Archive for October, 2005

Update on South Bend Tech Park

It turns out I may have spoken too soon in my post on Friday about the lack of developments with a South Bend area Certified Technology Park. The South Bend Tribune reports that Notre Dame is now officially “studying” a proposal from the City:

The city has been in discussions with Notre Dame and Indiana University South Bend to build a park that would have a combination of research facilities and space for businesses. It would be called the Research Park at Notre Dame.

The city looked at a variety of sites but would like to see the park built near the Notre Dame campus, Kendall said. The proposal asks for about 13 acres of university property at Eddy and the new Edison Road.

Notre Dame already is planning a retail and housing development nearby on Eddy Street. The areas would complement each other well and Kendall said other research parks have seen an advantage to being close to campus.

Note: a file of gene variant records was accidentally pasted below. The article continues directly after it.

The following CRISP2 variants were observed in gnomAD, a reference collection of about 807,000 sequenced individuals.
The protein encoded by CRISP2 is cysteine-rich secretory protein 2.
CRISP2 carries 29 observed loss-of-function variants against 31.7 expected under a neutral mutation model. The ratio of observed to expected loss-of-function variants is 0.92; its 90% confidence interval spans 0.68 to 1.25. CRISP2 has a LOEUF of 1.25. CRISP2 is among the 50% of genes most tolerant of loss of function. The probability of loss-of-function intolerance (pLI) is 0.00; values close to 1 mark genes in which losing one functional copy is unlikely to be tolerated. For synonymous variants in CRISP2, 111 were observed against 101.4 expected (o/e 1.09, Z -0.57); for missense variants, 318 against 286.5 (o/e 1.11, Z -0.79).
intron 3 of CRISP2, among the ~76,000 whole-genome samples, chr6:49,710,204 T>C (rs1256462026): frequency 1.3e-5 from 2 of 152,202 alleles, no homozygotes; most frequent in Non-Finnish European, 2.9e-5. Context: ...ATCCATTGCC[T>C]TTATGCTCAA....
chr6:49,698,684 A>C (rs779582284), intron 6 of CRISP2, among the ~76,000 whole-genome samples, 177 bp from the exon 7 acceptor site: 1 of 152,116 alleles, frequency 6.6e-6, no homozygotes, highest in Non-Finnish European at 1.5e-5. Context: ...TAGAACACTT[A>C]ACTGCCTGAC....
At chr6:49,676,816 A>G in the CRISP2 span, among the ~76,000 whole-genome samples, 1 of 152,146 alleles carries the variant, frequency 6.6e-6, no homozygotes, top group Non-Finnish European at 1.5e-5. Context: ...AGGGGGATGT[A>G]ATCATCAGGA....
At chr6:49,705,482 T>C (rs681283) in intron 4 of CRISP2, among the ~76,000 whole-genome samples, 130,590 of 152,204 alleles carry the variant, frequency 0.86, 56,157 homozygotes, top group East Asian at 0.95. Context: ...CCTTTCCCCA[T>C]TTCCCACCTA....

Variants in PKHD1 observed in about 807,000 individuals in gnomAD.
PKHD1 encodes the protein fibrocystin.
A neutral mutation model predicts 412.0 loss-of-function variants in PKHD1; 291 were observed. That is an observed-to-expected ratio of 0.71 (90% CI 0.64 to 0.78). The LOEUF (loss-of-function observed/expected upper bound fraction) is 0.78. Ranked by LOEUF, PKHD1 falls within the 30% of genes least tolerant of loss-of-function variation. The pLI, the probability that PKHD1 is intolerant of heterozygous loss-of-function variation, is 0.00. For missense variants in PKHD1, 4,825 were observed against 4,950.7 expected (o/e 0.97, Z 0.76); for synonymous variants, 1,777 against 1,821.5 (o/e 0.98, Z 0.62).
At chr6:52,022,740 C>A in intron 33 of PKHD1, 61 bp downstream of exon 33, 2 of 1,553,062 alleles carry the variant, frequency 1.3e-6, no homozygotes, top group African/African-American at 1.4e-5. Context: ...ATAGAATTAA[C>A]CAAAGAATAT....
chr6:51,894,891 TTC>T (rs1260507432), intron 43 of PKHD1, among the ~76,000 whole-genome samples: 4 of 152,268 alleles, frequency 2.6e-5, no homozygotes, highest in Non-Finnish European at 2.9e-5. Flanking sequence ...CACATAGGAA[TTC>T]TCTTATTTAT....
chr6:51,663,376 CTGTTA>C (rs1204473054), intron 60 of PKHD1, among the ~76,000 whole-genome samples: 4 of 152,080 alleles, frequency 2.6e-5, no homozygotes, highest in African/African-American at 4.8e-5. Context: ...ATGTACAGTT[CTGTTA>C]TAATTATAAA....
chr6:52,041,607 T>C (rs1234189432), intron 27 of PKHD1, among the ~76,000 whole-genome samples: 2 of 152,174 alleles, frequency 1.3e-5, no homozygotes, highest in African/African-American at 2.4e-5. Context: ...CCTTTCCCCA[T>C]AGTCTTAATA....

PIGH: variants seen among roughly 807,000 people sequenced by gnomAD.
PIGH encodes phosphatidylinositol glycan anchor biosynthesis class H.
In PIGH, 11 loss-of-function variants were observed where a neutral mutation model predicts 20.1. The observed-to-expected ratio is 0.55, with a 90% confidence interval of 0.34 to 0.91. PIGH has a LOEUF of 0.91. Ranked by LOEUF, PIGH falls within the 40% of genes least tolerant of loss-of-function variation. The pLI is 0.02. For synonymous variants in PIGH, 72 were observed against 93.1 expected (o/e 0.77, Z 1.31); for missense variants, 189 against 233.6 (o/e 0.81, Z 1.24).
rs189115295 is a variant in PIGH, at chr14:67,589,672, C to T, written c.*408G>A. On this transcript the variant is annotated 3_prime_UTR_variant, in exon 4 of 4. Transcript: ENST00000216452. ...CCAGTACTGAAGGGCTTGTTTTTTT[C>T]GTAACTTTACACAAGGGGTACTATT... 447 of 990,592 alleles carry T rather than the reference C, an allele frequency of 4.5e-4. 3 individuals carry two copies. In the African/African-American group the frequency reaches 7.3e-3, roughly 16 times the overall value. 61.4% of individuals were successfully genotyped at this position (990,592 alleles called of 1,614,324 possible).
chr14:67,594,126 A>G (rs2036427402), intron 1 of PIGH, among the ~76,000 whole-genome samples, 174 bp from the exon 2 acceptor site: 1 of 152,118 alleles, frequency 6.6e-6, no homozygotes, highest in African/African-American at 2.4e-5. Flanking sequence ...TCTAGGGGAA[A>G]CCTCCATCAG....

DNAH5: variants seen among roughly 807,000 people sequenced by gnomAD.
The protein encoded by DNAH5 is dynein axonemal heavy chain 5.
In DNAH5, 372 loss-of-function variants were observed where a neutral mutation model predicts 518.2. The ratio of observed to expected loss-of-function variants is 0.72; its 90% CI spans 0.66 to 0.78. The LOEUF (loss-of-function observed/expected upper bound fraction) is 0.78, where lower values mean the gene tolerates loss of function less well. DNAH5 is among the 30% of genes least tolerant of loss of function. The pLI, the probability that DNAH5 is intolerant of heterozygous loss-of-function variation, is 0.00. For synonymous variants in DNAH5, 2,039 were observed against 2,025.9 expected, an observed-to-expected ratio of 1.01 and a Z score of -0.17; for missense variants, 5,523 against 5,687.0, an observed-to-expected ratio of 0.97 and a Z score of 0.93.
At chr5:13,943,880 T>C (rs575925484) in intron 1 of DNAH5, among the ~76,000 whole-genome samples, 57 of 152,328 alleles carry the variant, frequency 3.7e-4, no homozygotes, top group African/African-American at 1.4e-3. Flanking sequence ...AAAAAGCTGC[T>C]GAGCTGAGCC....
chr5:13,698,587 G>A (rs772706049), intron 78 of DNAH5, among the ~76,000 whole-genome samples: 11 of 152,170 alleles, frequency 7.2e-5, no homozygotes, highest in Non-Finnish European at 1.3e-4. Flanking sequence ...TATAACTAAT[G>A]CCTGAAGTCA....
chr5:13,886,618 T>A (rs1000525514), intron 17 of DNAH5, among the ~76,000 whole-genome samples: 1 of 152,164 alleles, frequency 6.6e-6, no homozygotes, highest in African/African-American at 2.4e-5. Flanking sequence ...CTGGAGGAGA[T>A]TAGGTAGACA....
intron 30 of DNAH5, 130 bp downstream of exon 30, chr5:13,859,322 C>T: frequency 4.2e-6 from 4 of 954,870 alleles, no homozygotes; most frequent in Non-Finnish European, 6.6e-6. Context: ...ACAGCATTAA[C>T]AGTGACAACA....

Kendall said the city will apply for the park to become a state-certified technology park. State-certified parks are able to capture up to $5 million in incremental sales tax and payroll employment tax revenues.

For now, the city is in no rush and is waiting to see where Notre Dame stands.

“It’s their property and it’s their announcement to make when the time comes,” Kendall said.

This is good news for the community, and I look forward to helping both Notre Dame and South Bend in any way I can on this project.

Add comment October 9th, 2005

Nanotechnology Center Opens in Indiana

buckyballThe Associated Press ran a story this week highlighting nanotechnology and Purdue University’s new Birck Nanotechnology Center:

Purdue’s modernistic 187,000-square-foot Birck center, set to be dedicated Oct. 8, aims to put it ahead in the nanotech race by bringing together under one roof researchers whose work was once spread across 23 Purdue laboratories. The center dominates Discovery Park, the high-tech research complex on the West Lafayette campus…

…the Birck facility one of the nation’s most innovative nanotech centers, largely because of its emphasis on bringing together the far-flung field’s many disciplines…

Projects, including work to create devices to improve early tumor and cancer detection, unfold in state-of-the-art labs designed to control noise, temperature, humidity and electromagnetic interference from radio waves.

I enjoy staying on top of the latest news and developments in nanotech, and I am glad the Birck center is finally getting off the ground.